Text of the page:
For trypsin digestion of peptides, use a ratio of about 1:100 to 1:20 for trypsin:peptide. The typical use for this product is in removing adherent cells from a culture surface. The concentration of trypsin necessary to dislodge cells from their substrate is dependent primarily on the cell type and the age of the culture. Trypsins have also been used for the re-suspension of cells during cell culture, in proteomics research for digestion of proteins and in various in-gel digestions. Additional applications include assessing crystallization by membrane-based techniques and in a study to determine that protein folding rates and yields can be limited by the presence of kinetic traps.
Trypsin cleaves peptides on the C-terminal side of lysine and arginine residues. The rate of hydrolysis of this reaction is slowed if an acidic residue is on either side of the cleavage site and hydrolysis is stopped if a proline residue is on the carboxyl side of the cleavage site. The optimal pH for trypsin activity is 7-9. Trypsin can also act to cleave ester and amide linkages of synthetic derivatives of amino acids. EDTA is added to trypsin solutions as a chelating agent that neutralizes calcium and magnesium ions that obscure the peptide bonds on which trypsin acts. Removing these ions increases the enzymatic activity.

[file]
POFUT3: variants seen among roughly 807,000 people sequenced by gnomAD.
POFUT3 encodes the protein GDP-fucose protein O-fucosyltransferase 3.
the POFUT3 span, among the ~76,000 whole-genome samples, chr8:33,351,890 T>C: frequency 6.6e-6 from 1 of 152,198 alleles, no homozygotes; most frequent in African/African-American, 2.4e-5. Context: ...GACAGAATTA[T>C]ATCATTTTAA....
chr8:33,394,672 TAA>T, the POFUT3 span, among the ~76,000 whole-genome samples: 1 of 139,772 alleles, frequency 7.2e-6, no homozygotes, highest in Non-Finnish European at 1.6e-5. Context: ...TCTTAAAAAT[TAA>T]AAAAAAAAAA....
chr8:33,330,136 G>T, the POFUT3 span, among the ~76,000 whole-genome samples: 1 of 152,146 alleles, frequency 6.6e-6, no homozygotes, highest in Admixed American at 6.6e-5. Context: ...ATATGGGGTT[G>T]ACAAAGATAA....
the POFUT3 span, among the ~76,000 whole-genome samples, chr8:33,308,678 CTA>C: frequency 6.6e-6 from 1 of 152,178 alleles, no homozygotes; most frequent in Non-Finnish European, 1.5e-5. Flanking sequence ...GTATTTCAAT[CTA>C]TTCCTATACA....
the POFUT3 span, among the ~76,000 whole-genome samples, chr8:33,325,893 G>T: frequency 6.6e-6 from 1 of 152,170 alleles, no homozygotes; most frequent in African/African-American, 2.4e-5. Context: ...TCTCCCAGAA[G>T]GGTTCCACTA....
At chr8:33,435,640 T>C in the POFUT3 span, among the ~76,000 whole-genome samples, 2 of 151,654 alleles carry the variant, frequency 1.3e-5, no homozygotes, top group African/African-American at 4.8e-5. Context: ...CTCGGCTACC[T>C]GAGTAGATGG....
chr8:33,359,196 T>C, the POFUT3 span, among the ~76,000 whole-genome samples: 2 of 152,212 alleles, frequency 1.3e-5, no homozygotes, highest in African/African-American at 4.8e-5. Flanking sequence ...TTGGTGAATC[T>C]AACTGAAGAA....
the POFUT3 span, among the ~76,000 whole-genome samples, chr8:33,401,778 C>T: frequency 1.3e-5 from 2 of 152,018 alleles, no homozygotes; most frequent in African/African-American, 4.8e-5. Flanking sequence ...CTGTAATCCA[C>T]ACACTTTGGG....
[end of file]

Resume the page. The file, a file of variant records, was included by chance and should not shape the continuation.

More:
Serine protease inhibitors, including DFP, TLCK, APMSF, AEBSEF, and aprotinin, amongst others, will inhibit Trypsin.
This product should be stored frozen at -20°C.
One BAEE unit will produce a A253 of 0.001 per minute at pH 7.6 at 25°C using BAEE as a substrate.
This is 25 g/L porcine trypsin solution in 0.9% sodium chloride.